Tailoring mineralocorticoid receptor antagonist therapy in heart failure patients: are we moving towards a personalized approach?
The aim of personalized medicine is to offer a tailored approach to each patient in order to provide the most effective therapy, while reducing risks and side effects. The use of mineralocorticoid receptor antagonists (MRAs) has demonstrated major benefits in heart failure with reduced ejection fraction (HFrEF), results with challenging inconsistencies in heart failure with preserved ejection fraction (HFpEF), and 'neutral' preliminary results in acute heart failure. Data derived from landmark trials are generally applied in a 'one size fits all' manner and the development and implementation of more personalized MRA management would offer the potential to improve outcomes and reduce side effects. However, the personalization of pharmacotherapy regimens remains poorly defined in the cardiovascular field (in light of current knowledge) and until further trials targeting specific subpopulations have been conducted, MRAs should be provided to the great majority of HFrEF patients in the absence of contraindication. Spironolactone should be considered for symptomatic HFpEF patients with elevated natriuretic peptides. In the near future, trials should target HFrEF patients using exclusion criteria sourced from landmark trials (e.g. severe renal impairment), select more homogeneous HFpEF populations (e.g. with elevated BNP and structural abnormalities on echocardiography), and determine which patients are likely to benefit from MRAs (e.g. according to prespecified biomarkers).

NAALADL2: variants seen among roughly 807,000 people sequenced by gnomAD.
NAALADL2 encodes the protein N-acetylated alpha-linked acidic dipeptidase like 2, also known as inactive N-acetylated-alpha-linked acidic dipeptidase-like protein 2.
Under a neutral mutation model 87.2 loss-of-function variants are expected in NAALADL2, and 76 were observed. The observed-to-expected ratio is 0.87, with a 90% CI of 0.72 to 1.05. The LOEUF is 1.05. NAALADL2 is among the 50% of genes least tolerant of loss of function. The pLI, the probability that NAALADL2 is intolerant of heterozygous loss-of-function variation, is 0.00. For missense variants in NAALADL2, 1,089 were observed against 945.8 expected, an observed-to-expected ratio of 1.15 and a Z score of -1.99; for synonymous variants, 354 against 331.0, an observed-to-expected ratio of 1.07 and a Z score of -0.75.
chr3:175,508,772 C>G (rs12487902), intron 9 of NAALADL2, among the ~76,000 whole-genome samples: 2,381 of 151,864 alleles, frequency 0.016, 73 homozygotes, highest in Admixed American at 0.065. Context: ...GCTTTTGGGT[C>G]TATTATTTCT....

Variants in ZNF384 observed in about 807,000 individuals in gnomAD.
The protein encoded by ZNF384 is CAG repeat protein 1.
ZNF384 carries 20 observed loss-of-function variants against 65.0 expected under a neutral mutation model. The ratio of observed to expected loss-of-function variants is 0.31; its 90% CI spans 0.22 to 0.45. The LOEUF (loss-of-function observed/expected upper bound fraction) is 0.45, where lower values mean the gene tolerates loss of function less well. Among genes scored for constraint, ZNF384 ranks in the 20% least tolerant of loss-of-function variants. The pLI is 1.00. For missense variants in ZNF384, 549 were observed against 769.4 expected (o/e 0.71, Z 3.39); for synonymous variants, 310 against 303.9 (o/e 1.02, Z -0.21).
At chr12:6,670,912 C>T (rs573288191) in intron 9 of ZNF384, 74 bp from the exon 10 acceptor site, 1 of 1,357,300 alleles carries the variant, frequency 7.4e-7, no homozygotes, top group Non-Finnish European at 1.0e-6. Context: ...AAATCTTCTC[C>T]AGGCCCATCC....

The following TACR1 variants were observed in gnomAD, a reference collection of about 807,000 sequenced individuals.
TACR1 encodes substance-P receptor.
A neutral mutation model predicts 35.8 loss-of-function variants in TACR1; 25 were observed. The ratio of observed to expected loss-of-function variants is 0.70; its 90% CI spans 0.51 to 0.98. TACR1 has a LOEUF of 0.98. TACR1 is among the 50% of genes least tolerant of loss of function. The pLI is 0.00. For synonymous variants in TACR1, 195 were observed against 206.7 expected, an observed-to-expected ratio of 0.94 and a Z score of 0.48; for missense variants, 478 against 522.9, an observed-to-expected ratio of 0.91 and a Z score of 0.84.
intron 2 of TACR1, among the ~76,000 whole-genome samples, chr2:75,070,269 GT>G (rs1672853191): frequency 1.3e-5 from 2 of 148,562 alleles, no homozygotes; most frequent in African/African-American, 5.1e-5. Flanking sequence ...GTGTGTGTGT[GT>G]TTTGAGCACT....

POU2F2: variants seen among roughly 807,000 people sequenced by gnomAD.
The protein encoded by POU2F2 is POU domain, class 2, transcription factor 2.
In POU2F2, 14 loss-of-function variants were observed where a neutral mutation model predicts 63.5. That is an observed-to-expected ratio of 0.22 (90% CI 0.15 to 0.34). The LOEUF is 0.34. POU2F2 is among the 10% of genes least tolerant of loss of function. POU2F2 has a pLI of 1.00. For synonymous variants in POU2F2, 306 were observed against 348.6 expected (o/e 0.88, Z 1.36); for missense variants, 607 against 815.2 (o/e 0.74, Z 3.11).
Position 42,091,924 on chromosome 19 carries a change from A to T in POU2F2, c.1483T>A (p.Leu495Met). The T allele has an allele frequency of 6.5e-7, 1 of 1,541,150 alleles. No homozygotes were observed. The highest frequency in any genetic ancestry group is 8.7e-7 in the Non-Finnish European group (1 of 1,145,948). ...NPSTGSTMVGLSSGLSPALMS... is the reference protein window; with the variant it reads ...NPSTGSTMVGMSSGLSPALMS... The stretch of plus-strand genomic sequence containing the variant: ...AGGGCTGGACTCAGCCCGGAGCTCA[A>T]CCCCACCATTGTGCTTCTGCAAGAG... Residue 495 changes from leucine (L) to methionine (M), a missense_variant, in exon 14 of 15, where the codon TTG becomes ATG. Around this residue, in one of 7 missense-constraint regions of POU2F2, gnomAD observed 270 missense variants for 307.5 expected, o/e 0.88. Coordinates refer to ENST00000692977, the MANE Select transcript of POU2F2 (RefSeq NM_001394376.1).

Ferreira, JP; Mentz, RJ; Pizard, A; Pitt, B; Zannad, F
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